ULMWP, Komnas HAM and MRP sign humanitarian pause agreement in Geneva

Humanitarian Pause
Nduga children living in refugee camps in Muliama District, Jayawijaya as a result of armed conflict in the central highlands of Papua. - Jubi/Yuliana Lantipo

Jayapura, Jubi – An advance in the process towards Papua’s “Peace Dialogue” with Indonesia occurred in Geneva, Switzerland as the United Liberation Movement for Papua (ULMWP), Indonesia’s National Commission on Human Rights (Komnas HAM) and the Papuan People’s Assembly (MRP) signed the agreement to implement the humanitarian pause on November 11, 2022.

“On this occasion, a Memorandum of Understanding (MoU) was signed to implement a joint humanitarian pause in the Land of Papua,” said Markus Haluk, the executive director of ULMWP.

Komnas HAM commissioner Beka Ulung Hapsara also confirmed this. “Yesterday, the ULMWP, Komnas HAM, and MRP agreed on several points,” Beka told Jubi.

According to Markus Haluk, the ULMWP is a political forum for the Papuan nation that fights for the right to self-determination with dignity. ULMWP also continues to carry out humanitarian missions and mobilize support to open democratic space through peace negotiations in finding conflict resolution in West Papua.

“The conflict between the Papuan people and the Indonesian government that lasted for 59 years has caused casualties. In resolving the conflict, the ULMWP collaborates with the Komnas HAM and the MRP,” said Markus Haluk.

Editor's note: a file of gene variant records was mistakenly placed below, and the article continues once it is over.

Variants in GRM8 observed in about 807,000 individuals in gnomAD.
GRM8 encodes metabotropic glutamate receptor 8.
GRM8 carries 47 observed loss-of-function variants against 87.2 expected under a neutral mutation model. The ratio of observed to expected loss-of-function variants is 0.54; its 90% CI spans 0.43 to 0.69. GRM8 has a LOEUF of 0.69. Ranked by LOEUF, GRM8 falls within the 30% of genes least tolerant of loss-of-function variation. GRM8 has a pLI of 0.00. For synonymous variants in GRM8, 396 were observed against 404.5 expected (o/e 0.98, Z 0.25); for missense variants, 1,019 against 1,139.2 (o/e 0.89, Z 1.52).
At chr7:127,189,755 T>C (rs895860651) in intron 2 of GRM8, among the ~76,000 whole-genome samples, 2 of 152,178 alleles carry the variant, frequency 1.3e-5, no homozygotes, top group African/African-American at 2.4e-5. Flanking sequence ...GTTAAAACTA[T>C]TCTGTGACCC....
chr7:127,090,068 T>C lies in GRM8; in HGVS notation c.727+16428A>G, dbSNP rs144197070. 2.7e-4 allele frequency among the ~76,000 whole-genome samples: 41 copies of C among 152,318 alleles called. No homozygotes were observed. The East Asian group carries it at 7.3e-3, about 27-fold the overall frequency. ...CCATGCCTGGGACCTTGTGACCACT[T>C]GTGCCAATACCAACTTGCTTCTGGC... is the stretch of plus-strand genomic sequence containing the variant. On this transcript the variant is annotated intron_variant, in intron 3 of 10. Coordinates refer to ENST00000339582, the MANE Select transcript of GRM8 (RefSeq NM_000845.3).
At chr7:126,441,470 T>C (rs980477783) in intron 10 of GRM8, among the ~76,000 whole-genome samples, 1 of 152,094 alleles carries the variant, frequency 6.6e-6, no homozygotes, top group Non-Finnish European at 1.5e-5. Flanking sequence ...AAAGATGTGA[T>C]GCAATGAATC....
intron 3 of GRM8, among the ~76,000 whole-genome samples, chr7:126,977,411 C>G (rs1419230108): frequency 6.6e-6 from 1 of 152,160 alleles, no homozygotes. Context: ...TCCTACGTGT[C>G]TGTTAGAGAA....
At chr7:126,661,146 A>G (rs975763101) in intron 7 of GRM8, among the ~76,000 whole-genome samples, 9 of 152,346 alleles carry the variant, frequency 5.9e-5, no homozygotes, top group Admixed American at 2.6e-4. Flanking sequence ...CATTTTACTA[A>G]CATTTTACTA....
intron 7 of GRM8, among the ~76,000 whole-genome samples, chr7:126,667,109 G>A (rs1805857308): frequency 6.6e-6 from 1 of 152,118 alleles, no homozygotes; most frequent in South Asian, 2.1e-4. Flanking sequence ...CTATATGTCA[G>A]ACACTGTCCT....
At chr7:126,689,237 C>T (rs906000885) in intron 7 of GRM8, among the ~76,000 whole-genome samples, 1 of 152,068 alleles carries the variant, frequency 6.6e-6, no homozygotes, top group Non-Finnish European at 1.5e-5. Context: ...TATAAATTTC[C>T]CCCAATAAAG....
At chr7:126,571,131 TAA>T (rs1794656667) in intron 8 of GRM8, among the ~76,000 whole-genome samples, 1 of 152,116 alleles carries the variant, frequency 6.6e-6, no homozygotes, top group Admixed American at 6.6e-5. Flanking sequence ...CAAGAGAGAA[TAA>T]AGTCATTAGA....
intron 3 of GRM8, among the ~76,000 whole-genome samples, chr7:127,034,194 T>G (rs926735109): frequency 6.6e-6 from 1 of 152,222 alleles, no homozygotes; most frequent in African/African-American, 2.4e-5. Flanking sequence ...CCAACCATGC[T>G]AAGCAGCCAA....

Haluk said the parties had held three meetings towards peace talks, namely on June 15, 2022, August 18-19, 2022, and November 10-11, 2022. All of the meetings took place in the city of Geneva, Switzerland.

The signed MoU is a manifestation of the parties’ commitment to reach peace negotiations. It regulates the principles, procedures, and mechanisms for implementing the Joint Humanitarian Pause.

“The main objective of the joint humanitarian pause is to target the provision of humanitarian assistance to civilians trapped in armed conflict zones and displaced civilians, as well as ensuring the fulfillment of the basic rights of political prisoners in Papua,” said Haluk.

Beka explained that the humanitarian pause would encourage a cessation of hostilities and violence, in order to support the process towards peace talks on the Papua conflict.

“During the implementation of the humanitarian pause, the parties involved in the armed conflict can provide a ‘humanitarian corridor’ as a safe route for the distribution of aid and access for the humanitarian pause team,” said Beka.

This effort will be implemented and monitored by a joint team that involves both local, national and international stakeholders. The conflicting parties are obliged to uphold the principle of non-aggression, and not to carry out provocations aimed at creating new battles in the Land of Papua. (*)

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